My last post discussed why learning and development (L&D) should be a budget priority: it is easier to nudge a spinning wheel than to start from zero. In the end, headquarters agreed but still wanted cuts. So to match the 10% workforce reduction, I took a 10% reduction in student load, and absorbed the cuts across my various learning programs.
Still, I kept 90% of my annual budget under threat of deeper cuts. My argument started like this. For an organization with an annual budget of $10 billion US, my L&D team had a budget of $5 million US (with roughly $4 million of that sunk salary cost and $1 million operating cost).
“Would you be willing to bet that spending half of a tenth of one percent in developing the workforce will return at least that amount in productivity over the course of a year?”
Headquarters reluctantly agreed: it was probably a good bet. Looked at another way, my $5 million budget supported a 50,000-person workforce. I said,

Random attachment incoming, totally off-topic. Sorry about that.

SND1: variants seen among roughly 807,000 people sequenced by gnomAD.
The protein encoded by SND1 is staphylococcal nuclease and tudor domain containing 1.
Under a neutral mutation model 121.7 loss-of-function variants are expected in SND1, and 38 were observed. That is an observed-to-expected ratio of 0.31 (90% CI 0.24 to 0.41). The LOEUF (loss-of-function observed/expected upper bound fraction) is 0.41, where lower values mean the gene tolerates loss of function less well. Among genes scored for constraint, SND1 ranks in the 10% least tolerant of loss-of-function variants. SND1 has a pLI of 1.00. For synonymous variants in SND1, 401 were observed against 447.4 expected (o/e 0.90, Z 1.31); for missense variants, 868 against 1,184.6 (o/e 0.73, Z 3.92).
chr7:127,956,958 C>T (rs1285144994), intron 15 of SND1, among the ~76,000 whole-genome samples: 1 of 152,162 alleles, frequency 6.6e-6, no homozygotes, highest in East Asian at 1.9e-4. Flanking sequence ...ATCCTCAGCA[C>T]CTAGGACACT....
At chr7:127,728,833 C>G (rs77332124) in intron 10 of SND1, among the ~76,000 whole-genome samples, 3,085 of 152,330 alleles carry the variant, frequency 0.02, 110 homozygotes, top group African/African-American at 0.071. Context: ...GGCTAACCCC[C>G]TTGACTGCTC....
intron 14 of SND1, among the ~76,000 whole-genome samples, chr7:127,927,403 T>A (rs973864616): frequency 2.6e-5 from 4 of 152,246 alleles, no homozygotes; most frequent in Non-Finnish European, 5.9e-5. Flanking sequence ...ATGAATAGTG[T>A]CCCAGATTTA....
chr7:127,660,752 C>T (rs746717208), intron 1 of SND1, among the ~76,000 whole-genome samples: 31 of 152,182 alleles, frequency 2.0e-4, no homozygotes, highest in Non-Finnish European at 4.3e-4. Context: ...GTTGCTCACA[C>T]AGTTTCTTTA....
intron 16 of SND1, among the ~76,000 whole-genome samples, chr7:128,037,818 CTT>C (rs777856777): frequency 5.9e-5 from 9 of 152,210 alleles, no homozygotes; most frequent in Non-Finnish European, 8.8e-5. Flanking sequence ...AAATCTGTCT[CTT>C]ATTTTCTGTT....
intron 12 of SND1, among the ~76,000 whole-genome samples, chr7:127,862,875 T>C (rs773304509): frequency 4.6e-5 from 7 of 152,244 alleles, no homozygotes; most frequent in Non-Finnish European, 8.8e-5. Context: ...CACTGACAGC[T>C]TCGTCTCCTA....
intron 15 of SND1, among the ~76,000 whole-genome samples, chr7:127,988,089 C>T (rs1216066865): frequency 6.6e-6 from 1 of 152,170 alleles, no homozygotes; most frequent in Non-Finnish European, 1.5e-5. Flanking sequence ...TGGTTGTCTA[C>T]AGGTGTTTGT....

“Do you think betting $100 per person on their L&D will return at least $100 as productivity (or just good will) per person?”
Of course – that’s less than nine dollars per month, or 30 cents per day!
When defending your L&D budget, I suggest a similar approach. Get the best numbers you can about organizational budget, the amount directed at L&D, and the size of your workforce. Then do the math, and if possible frame the results as a good bet.
And now, let me know what the answer looks like for your organization!
(My book West By Sea is 20% off in August with discount code. Enjoy!)